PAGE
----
5 Movies Like Birdman or (The Unexpected Virtue of Ignorance) (2014) On Fubo

Staff & contributors

Chasing the feel of watching Birdman or ? Here are the movies we recommend you watch after Birdman or (The Unexpected Virtue of Ignorance) (2014).

Understated in budget but lavished with praise, this semi-autobiographical drama by Daniel Destin Cretton flings its audience into the chaotic lives and personal crises of at-risk youths and the passionate social workers that aid them. In his first feature film, the young director draws the viewers into the storm of events and the emotional ups-and-downs of social work in America, going from uplifting to depressing and back – and every emotion in-between.

Set in the real-life and eponymous group home Short Term 12, devoted but troubled foster-care worker Grace is played by Brie Larson, whose shining performance in her first leading role was lauded by critics. Fans will also recognize the supporting actors Lakeith Stanfield and Rami Malek, who broke out in this movie. Short Term 12 is now considered one of the most important movies of 2013 – some say of the decade – owing to its immaculate writing, intimate camerawork, and gripping performances.

Much like Berlin’s infamous nightlife, which serves as the backdrop to the plot, this daring German real-time drama will eat you up and spit you out. After leaving a nightclub at 4am, Victoria, a runaway Spanish girl, befriends a gang of four raucous young men, climbing rooftops and drinking beers among the city’s moon-lit streets. The gang’s light-hearted banter is impressively improvised from a skeleton script, offset by Niels Frahm’s ominous original score.

But what starts out as late-night high jinks swerves into darker territory. Driven by her infatuation with the pack leader Sonne, played by Frederick Lau, Victoria ends up being recruited as a get-away driver for an ill-prepared bank robbery and loses herself in a sinister spiral of events. What sounds like a standard-issue crime drama is, in fact, a staggering cinematic experiment.

Filmed in one take, on location, and in real time, the movie’s production is indeed a gamble, but director Sebastian Schipper more than pulls it off. The claustrophobic camerawork of cinematographer Sturla Brandth Grøvlen leaves the viewer feeling like a hapless accomplice to Victoria’s plight. With Laia Costa giving an awe-striking lead performance, the high wire acting of the entire main cast only adds to this effect. Victoria is a stellar directorial debut, heart-stopping drama, and a truly immersive experience.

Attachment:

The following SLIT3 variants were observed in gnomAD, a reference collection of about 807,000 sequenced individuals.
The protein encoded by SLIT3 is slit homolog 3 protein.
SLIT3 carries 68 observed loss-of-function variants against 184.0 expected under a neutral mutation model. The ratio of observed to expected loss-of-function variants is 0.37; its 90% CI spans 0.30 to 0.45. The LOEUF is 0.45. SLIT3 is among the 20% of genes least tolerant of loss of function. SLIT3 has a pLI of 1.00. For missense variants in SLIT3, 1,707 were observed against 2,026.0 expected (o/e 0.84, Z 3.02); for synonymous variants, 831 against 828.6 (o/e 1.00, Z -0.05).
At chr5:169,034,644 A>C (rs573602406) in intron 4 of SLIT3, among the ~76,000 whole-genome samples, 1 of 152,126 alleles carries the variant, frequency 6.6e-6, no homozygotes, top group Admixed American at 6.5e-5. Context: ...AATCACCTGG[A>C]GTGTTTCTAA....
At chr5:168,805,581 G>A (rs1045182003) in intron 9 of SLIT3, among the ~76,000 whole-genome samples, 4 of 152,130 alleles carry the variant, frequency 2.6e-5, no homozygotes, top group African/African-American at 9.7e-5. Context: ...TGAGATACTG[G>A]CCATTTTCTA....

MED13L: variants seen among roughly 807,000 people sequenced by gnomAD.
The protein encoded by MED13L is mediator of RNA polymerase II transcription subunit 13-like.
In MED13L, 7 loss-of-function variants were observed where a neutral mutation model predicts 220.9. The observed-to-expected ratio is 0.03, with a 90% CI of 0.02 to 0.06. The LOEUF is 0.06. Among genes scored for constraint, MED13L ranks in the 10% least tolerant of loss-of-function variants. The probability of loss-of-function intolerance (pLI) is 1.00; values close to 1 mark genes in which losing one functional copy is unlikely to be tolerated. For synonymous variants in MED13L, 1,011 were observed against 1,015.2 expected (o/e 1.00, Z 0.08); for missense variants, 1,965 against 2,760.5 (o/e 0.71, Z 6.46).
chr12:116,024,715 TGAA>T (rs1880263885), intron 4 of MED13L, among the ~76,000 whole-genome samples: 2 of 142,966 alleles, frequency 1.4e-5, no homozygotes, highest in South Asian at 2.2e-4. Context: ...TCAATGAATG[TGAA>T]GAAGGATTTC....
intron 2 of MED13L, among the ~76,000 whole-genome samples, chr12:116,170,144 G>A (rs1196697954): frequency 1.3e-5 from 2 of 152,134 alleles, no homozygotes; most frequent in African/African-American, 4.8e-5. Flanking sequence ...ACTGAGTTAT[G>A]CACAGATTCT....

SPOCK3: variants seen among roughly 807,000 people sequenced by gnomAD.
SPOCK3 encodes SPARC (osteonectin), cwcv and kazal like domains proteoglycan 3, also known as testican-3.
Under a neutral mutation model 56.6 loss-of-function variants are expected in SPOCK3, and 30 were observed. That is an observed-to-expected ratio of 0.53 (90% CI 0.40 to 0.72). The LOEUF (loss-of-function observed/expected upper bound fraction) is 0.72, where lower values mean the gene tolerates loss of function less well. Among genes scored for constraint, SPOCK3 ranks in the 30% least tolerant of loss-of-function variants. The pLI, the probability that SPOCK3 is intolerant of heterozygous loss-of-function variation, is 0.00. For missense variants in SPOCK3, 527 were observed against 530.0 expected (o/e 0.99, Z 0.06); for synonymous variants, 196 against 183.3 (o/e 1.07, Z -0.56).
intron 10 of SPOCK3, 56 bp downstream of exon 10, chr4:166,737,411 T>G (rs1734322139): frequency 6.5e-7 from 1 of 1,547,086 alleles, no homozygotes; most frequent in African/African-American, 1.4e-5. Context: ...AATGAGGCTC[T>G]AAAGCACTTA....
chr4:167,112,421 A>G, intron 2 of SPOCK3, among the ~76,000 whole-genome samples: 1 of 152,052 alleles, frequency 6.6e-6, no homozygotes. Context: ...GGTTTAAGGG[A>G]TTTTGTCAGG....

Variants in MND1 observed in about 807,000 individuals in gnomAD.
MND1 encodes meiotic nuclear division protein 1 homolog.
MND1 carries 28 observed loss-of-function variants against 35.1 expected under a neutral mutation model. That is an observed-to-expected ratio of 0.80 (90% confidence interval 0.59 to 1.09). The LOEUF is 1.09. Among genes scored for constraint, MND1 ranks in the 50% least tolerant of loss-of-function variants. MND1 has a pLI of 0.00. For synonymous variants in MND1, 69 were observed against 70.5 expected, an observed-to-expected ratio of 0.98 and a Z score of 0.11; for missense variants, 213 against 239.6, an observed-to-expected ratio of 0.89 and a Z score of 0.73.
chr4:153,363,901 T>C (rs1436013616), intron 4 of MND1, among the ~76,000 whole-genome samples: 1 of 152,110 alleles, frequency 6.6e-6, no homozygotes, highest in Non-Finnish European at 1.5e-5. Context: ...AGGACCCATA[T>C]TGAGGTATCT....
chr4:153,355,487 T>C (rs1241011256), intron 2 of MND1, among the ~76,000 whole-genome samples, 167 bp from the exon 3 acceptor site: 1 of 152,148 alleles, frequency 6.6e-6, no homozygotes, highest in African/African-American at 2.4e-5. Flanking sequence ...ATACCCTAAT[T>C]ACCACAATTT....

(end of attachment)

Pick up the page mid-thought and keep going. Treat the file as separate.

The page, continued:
Probably the weirdest film you'll ever see. Paul Dano plays a borderline suicidal man who befriends a farting corpse that washed up from the sea as played by Daniel Radcliffe. It's an adventurous, witty and hilarious film yet it is filled with discreet and very deep lessons about society and norms. The soundtrack is so charmingly unique as well, it's a definite must-watch for anyone looking for a refreshing comedy.

Inside Llewyn Davis tells the interesting and captivating story of a young, struggling singer navigating through the Greenwich Village folk scene in 1961. The movie conveys all sorts of emotions, thanks to Coen brothers’ stroke of genius: it is strange, funny, dramatic and satisfying at the same time. Not to mention, the ensemble cast is superb, and the music is absolutely great. It is the kind of movie that will put an unfamiliar yet wondrous feeling into you as you live through Llewyn Davis' eyes and feel his pain.
Ida, the 2015 Academy Award for Best Foreign Language Film, is a stark black & white drama set in the early 60’s about a young Polish nun-to-be and her bawdy Aunt Wanda searching for the truth behind her family’s demise at the hands of the Nazis. What initially comes off as a painfully slow sleep-inducer pretty quickly evolves into a touching and lively contrast between the two lead characters; one virtuous and pure, the other boorish and hedonistic. Their journey is equal parts amusing, insightful and heartbreaking, with Ida’s personal exploration of self playing out as a remarkably humanistic affair. The cinematography by Lukasz Za and Ryszard Lenczewski is particularly striking, each shot a work of art in it’s own right. Logging in at just 82 minutes, the entire story whizzes by in a flash. The kind of film that will stay with you long after you’ve watched it.